- In Theaters
- 28 February 2020
- On DVD
- 2h 4min
- MPAA rating
- Leigh Whannell
- Leigh Whannell
The Invisible Man, a well-known monster classic, has been reimagined for the #MeToo era. Shifting the focus from the white male antihero to his unfortunate victim the film becomes a metaphoric biopic of the American ‘everywomxn’ illuminating the terror womxn are subjected to in a patriarchal society. A new version of the classic that is dripping with the kind realism that may trigger female viewers.
Elisabeth Moss is electric as Cecilia, our very relatable representation of the everywomxn living under the tyranny of toxic masculinity. Moss pulls from experience all womxn possess in order to execute a heartbreakingly accurate portrayal of you and me. Adrian (Oliver Jackson-Cohen) plays the typical cis white male who enjoys his power and will stop at nothing to keep it. He is the all-too-common toxic abuser.
Adrian is a wealthy white optics scientist with the ‘rich white man syndrome’. He considers womxn a possession rather than the unique individuals that they are. When Cecilia runs from him, he follows with the help of the tools his years of privilege have allotted him. Our tragic “everywomxn”, driven to the edge of sanity by Adrian. With no one to turn to who will believe her she is lost. What ensues is psychological torture, gaslighting, and triggering reminders that we must always #believewomxyzn even when they say things that may seem to be physically impossible.
A flawless script, no doubt due to the tireless work Moss put in editing and providing much-needed correction. “I mean, this was written by a man,” Moss says, noting that writer-director Leigh Whannell “had the intelligence to ask me, as soon as I was cast: ‘Can you please tell me what I did wrong here? What did I miss? You’re a woman, you’re coming at this from a completely different perspective. What can I put in here that will be true to being a female?’” READ: ‘Invisible Man’ Male Director Asked Elisabeth Moss to Correct His Script, Ensure Female POV what followed was a massive overhaul of the entire script. This is a huge step forward for the industry and hopefully a new standard. In order for Hollywood to really represent womxn in films perhaps all scripts should be handed over to womxn for approval.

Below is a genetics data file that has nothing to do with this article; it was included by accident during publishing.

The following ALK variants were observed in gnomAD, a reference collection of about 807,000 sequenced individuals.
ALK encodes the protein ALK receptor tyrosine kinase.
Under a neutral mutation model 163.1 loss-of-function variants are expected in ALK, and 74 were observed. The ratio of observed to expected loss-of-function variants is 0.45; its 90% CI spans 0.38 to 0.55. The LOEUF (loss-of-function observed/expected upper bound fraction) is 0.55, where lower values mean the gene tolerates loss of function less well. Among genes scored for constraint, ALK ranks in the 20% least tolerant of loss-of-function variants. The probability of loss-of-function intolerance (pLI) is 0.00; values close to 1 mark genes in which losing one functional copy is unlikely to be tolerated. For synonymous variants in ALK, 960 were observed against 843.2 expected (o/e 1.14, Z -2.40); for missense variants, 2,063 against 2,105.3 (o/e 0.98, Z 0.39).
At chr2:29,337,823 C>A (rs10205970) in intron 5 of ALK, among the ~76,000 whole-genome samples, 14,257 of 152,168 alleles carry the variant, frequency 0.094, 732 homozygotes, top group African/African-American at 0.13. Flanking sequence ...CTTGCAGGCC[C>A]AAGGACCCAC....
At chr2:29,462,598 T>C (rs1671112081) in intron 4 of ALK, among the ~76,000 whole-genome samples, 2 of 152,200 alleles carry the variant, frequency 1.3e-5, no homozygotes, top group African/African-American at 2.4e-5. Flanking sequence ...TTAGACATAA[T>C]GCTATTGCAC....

A day in the life of the average American womxn is a horror story all its own. In the end, it comes as no surprise that the most disturbing new movie of 2020 isn’t another Stephen King adaptation, blockbuster, or slasher. It’s a cinematic reflection of our own society and a terrifying display of gender oppression.
Nora is a long time film lover and feminist, beginning with a kindergarten dissertation on the inherently misogynistic undertones of Disney's Cinderella. Having completed a double major in both Film and Gender Studies, Nora could not be happier to have landed a job with a team who is as passionate as she is when it comes to social change.